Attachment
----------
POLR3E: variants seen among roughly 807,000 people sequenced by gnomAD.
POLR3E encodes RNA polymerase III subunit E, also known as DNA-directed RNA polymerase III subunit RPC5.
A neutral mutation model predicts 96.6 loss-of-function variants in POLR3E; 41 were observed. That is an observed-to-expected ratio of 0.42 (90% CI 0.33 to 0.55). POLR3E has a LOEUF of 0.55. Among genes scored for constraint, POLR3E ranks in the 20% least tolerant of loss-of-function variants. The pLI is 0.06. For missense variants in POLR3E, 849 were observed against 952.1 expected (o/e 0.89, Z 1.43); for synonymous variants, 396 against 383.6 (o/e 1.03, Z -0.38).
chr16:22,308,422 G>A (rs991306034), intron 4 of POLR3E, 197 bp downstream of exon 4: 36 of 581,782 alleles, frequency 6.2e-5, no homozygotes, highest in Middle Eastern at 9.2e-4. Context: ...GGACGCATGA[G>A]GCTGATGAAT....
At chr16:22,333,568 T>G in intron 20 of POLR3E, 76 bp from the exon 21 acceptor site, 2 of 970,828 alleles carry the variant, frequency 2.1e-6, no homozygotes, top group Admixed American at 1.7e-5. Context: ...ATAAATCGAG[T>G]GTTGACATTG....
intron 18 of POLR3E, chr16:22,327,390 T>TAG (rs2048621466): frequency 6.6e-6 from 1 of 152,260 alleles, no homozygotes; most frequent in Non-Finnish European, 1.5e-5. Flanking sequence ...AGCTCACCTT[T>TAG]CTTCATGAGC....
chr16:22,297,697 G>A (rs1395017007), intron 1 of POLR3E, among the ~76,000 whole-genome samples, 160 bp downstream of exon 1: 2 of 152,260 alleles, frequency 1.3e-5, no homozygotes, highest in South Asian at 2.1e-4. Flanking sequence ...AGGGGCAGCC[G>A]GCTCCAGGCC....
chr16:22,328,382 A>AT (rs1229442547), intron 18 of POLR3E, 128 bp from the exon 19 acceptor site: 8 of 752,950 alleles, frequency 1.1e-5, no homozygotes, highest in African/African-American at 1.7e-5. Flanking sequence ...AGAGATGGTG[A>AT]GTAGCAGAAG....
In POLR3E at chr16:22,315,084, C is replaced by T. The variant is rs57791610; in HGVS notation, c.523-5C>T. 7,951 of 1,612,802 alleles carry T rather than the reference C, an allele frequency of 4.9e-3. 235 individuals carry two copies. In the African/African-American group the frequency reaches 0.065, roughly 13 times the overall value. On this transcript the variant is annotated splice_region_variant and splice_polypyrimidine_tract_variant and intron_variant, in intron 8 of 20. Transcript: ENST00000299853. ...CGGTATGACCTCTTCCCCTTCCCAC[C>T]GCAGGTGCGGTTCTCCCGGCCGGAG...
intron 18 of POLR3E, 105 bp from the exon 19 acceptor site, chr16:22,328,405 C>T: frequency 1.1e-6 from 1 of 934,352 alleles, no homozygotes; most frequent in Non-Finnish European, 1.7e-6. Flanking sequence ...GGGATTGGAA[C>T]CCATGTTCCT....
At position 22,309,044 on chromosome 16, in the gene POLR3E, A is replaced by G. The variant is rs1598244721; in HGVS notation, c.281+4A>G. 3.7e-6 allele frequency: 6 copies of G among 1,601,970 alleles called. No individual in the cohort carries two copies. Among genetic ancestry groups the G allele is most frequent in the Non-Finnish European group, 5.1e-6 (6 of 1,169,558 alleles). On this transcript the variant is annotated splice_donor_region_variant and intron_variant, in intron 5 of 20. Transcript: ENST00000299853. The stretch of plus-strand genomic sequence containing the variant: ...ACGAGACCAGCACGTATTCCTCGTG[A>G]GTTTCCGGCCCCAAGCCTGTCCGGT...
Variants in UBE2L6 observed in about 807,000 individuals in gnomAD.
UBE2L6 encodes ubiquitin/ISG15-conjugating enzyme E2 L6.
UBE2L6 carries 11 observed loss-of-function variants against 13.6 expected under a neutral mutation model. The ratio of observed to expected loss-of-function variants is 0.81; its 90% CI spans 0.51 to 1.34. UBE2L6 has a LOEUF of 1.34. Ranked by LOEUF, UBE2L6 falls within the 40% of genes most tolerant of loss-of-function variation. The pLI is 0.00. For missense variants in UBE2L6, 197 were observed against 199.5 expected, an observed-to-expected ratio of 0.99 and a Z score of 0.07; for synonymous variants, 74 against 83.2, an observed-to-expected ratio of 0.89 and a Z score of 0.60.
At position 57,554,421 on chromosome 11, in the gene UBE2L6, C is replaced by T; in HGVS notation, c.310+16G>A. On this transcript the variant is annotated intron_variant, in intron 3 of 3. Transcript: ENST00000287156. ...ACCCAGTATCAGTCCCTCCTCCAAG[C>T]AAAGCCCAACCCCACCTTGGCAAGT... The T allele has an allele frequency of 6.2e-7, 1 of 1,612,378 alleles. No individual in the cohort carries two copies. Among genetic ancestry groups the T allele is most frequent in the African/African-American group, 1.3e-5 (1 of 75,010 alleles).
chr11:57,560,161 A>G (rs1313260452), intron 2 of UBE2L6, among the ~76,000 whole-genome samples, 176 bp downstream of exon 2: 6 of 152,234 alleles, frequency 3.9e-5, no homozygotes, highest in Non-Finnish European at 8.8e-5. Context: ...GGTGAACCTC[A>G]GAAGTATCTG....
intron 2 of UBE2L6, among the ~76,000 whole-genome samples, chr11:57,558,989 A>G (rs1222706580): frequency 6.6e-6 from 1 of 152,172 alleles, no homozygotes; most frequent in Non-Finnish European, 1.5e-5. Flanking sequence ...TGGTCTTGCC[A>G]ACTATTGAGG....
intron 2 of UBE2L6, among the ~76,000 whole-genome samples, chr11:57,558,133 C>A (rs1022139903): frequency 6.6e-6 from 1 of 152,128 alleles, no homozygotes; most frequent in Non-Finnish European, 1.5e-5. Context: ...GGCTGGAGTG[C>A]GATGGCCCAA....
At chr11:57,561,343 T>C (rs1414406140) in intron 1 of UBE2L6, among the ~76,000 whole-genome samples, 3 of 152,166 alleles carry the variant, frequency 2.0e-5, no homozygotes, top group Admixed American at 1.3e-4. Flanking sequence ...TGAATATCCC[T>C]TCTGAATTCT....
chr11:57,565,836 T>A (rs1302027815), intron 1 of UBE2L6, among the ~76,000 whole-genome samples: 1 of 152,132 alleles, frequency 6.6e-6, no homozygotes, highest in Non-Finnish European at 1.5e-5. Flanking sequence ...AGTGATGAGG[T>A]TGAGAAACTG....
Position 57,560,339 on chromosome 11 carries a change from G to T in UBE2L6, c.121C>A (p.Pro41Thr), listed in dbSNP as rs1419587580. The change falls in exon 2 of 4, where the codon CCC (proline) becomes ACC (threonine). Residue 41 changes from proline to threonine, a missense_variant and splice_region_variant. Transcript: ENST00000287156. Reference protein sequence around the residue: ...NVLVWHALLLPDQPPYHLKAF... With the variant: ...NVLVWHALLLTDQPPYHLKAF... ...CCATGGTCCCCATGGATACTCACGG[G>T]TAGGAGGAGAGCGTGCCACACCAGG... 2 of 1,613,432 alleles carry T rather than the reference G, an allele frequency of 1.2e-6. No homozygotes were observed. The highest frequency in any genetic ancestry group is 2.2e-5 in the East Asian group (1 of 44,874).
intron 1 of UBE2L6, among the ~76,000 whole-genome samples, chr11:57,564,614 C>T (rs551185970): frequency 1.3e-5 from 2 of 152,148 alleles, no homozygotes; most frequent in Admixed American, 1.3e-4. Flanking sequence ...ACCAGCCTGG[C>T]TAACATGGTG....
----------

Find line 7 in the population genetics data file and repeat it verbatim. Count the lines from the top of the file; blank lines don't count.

chr16:22,297,697 G>A (rs1395017007), intron 1 of POLR3E, among the ~76,000 whole-genome samples, 160 bp downstream of exon 1: 2 of 152,260 alleles, frequency 1.3e-5, no homozygotes, highest in South Asian at 2.1e-4. Flanking sequence ...AGGGGCAGCC[G>A]GCTCCAGGCC....